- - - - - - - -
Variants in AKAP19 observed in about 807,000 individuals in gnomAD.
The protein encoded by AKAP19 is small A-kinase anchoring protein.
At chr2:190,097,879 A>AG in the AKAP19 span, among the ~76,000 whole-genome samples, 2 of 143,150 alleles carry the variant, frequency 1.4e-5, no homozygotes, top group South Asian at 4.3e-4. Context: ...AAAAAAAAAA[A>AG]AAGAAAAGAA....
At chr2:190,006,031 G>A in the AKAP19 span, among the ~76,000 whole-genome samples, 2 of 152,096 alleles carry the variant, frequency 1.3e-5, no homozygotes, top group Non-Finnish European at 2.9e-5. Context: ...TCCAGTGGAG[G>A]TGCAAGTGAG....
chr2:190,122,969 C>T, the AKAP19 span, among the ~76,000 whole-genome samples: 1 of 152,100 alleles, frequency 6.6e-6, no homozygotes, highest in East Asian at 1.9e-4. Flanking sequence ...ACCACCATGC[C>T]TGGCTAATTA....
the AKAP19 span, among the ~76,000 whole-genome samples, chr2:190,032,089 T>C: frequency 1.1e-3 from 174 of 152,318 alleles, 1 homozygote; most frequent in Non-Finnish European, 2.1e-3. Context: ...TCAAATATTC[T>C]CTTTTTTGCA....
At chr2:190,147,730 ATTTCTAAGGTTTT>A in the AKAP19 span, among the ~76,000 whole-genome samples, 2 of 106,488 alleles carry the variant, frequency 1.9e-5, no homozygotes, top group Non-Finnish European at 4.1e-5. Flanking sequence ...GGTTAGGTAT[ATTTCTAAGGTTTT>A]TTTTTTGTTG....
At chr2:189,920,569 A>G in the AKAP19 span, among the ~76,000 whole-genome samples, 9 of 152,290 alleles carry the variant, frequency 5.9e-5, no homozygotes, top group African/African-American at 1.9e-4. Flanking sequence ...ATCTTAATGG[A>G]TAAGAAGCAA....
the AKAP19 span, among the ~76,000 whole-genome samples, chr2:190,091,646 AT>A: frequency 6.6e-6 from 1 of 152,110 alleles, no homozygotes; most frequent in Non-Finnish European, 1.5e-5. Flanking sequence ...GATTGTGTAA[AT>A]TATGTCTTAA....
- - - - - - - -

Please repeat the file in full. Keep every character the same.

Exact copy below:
Variants in AKAP19 observed in about 807,000 individuals in gnomAD.
The protein encoded by AKAP19 is small A-kinase anchoring protein.
At chr2:190,097,879 A>AG in the AKAP19 span, among the ~76,000 whole-genome samples, 2 of 143,150 alleles carry the variant, frequency 1.4e-5, no homozygotes, top group South Asian at 4.3e-4. Context: ...AAAAAAAAAA[A>AG]AAGAAAAGAA....
At chr2:190,006,031 G>A in the AKAP19 span, among the ~76,000 whole-genome samples, 2 of 152,096 alleles carry the variant, frequency 1.3e-5, no homozygotes, top group Non-Finnish European at 2.9e-5. Context: ...TCCAGTGGAG[G>A]TGCAAGTGAG....
chr2:190,122,969 C>T, the AKAP19 span, among the ~76,000 whole-genome samples: 1 of 152,100 alleles, frequency 6.6e-6, no homozygotes, highest in East Asian at 1.9e-4. Flanking sequence ...ACCACCATGC[C>T]TGGCTAATTA....
the AKAP19 span, among the ~76,000 whole-genome samples, chr2:190,032,089 T>C: frequency 1.1e-3 from 174 of 152,318 alleles, 1 homozygote; most frequent in Non-Finnish European, 2.1e-3. Context: ...TCAAATATTC[T>C]CTTTTTTGCA....
At chr2:190,147,730 ATTTCTAAGGTTTT>A in the AKAP19 span, among the ~76,000 whole-genome samples, 2 of 106,488 alleles carry the variant, frequency 1.9e-5, no homozygotes, top group Non-Finnish European at 4.1e-5. Flanking sequence ...GGTTAGGTAT[ATTTCTAAGGTTTT>A]TTTTTTGTTG....
At chr2:189,920,569 A>G in the AKAP19 span, among the ~76,000 whole-genome samples, 9 of 152,290 alleles carry the variant, frequency 5.9e-5, no homozygotes, top group African/African-American at 1.9e-4. Flanking sequence ...ATCTTAATGG[A>G]TAAGAAGCAA....
the AKAP19 span, among the ~76,000 whole-genome samples, chr2:190,091,646 AT>A: frequency 6.6e-6 from 1 of 152,110 alleles, no homozygotes; most frequent in Non-Finnish European, 1.5e-5. Flanking sequence ...GATTGTGTAA[AT>A]TATGTCTTAA....